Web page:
On Memorial Day —

It’s Memorial Day weekend, formerly called Decoration Day, because of the still-observed custom of decorating graves, especially of those who served in the armed forces, with flowers and American flags. Died in battle — or at any rate, once struggled in battle to preserve their nation — Still honored — Still remembered —

A holiday for remembering, then, a day of celebration —

Just what do we celebrate when we remember? And in what spirit do we celebrate? The mysteries of life, and death, of time passing? Not exactly a new question. Lu Yu, the Chinese poet of the 9th century, was already pondering it. I like his answer best of all, and so, on Memorial Day, I remember it:

The clouds above us join and separate. 

The breeze in the courtyard leaves and returns.

Life is like that, so why not relax? 

Who can stop us from celebrating?

Lu Yu

Joy, sorrow, birth, death, the panorama of life from morning until evening —

Who can stop us from celebrating? Only ourselves.

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This entry was posted in Etcetera, Life and Death, Memory, Poetry, Zen and tagged , , , . Bookmark the permalink.

17 Responses to On Memorial Day —

  1. 2e0mca says:

    It’s good to recall the sacrifices of others in the past but even more important to ensure that we protect the present freedoms that they earned by their sacrifice.

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    • Touch2Touch says:

      Which turns out again and again to be no small task —
      Edward R. Murrow talked about his long broadcasting career, when he often felt like he was “being nibbled to death by ducks”.
      Those present freedoms, I think, are often being nibbled at and nibbled at — enough nibbles, and they will be gone —

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  2. cocomino says:

    What a nice sentence and sky. I would like to relax in the life.

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  3. Lu Yu had it right methinks.

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  4. Patti Kuche says:

    There is so much to celebrate in a day and a night but I really did think that as a child coming out of the Vietnam War era lessons might have been learned and war would become a thing of the past while memories of the brave would last forever, so that we wouldn’t have to fight for such freedoms again . . . . but to tell you the truth, I’m not sure whose or what freedom we are fighting for anymore!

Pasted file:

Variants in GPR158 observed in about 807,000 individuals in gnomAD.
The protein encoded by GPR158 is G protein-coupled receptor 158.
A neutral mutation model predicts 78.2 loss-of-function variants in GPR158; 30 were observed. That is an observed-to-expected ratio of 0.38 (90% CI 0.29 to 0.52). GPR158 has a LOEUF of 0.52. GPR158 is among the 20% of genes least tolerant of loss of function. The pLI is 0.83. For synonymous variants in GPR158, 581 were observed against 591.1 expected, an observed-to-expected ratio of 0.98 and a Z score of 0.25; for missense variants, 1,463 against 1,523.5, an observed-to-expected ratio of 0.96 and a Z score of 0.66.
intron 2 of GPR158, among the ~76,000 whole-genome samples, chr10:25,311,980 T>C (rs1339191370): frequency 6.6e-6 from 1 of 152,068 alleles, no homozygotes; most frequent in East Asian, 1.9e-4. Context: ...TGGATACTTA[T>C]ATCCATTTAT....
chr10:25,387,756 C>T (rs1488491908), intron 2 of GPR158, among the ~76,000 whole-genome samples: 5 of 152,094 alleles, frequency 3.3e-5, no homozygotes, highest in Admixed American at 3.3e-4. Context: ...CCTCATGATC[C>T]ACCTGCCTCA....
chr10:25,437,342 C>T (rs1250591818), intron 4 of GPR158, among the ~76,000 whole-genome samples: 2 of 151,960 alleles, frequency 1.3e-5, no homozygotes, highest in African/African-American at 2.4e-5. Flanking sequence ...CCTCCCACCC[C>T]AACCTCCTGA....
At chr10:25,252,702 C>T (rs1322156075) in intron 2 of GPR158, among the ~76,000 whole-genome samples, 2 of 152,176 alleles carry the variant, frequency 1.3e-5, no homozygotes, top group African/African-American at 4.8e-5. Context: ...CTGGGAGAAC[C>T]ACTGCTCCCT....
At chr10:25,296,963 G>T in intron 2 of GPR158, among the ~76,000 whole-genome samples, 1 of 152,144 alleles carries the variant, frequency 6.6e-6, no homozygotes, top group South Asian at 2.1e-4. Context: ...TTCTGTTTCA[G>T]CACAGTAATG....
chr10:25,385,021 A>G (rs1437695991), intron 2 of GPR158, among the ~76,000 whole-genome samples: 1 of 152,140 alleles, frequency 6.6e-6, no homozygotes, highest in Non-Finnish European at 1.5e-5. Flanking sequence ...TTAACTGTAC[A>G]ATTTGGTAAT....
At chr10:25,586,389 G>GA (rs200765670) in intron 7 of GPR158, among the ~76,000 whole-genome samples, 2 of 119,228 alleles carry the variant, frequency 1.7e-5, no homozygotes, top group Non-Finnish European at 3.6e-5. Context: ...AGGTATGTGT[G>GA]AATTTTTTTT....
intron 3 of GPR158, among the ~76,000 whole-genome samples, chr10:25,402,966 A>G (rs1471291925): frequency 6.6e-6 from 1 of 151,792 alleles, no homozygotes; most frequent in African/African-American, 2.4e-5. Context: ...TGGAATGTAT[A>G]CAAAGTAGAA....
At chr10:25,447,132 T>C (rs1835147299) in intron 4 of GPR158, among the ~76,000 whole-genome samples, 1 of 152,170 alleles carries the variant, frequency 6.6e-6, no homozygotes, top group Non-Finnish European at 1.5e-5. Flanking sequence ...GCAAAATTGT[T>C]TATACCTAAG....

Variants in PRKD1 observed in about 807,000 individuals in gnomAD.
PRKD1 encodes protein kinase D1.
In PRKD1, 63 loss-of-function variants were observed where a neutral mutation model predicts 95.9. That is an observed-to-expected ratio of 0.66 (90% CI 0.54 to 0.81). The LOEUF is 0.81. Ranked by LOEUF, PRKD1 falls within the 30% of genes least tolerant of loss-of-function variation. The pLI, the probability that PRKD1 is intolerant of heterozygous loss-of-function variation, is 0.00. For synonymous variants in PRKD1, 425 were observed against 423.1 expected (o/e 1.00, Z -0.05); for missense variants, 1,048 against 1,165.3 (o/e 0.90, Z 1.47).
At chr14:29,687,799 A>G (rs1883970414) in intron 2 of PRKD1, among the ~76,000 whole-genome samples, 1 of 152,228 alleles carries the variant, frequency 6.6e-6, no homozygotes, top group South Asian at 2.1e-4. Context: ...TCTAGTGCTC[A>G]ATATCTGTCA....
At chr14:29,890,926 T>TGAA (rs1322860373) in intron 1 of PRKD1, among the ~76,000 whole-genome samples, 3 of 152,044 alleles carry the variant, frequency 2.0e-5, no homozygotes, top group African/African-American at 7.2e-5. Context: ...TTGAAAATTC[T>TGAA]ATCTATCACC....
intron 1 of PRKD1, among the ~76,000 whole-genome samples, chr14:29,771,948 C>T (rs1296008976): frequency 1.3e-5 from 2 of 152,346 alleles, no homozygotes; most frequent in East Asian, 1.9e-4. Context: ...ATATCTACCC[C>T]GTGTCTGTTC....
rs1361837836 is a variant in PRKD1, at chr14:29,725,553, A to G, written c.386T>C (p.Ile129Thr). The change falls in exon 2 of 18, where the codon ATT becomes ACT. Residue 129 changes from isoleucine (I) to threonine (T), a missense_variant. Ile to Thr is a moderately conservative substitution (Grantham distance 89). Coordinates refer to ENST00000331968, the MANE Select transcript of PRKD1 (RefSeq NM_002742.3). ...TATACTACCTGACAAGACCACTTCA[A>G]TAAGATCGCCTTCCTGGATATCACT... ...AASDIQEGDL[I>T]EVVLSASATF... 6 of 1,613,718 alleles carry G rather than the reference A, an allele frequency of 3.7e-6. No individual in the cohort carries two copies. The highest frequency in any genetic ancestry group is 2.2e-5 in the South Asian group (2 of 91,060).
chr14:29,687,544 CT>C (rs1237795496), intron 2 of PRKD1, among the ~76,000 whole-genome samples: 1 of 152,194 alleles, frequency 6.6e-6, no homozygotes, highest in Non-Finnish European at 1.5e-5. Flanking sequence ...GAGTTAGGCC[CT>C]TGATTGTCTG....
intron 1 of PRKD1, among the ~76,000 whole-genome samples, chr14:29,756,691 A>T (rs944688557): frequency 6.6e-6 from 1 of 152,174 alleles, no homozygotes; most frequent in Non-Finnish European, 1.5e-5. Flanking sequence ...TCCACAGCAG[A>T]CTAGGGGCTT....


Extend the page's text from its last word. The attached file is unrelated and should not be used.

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    • Touch2Touch says:

      Ah, Patti — The “war to end all wars” ended in 1918, then imploded in 1938. Then imagine living through WWII, when its full horrors were revealed after the war ended and evil on the grand scale was exposed to everyone’s sight — never to happen again! See evil clearly enough and it will end, we thought. Believed.
      But war will never be a thing of the past unless human nature changes in an unimaginable way. I think any school playground is evidence. I didn’t read Lord of the Flies because I already believed this and couldn’t bear to read more about it —

      The price of freedom is eternal vigilance, Thomas Jefferson said. It is. Dealing with the confusion you’re referring to, the mixed motives, the complications and complexities, makes vigilance an extremely difficult task.

      A great lady I knew, Madeleine L’Engle (who was nothing if not clear-sighted) said: “Of course all our motives are mixed! Our only pure motives are the bad ones.” If that’s true (and I do believe Madeleine was onto the truth here) then all we can do is our best, and keep doing it. And not succumb to despair. I often come close, but I’m old, and it doesn’t matter much to the world. But if you and your generation and your kind of brave souls succumb, it will matter a lot. So I wish you strength and clarity and “heart” (what the Japanese call “wa”). Our world rests on your shoulders.

      We should actually be celebrating you.

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  5. Patti Kuche says:

    🙂

    Judith, coming back later with more thoughtful and thorough comment than current heat allows! Plus, if I stop now to give it too much more thought the lump in my throat might give way . . .

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  6. A perfect way to explain it! I know people who are afraid to die. And I know people who spend their lives waiting to die because there is something better promised. I prefer to be in this day – this moment – and just…celebrate it.

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  7. What a thoughtful discussion. A powerful post. I am glad I found you, and look forward to following your blog.

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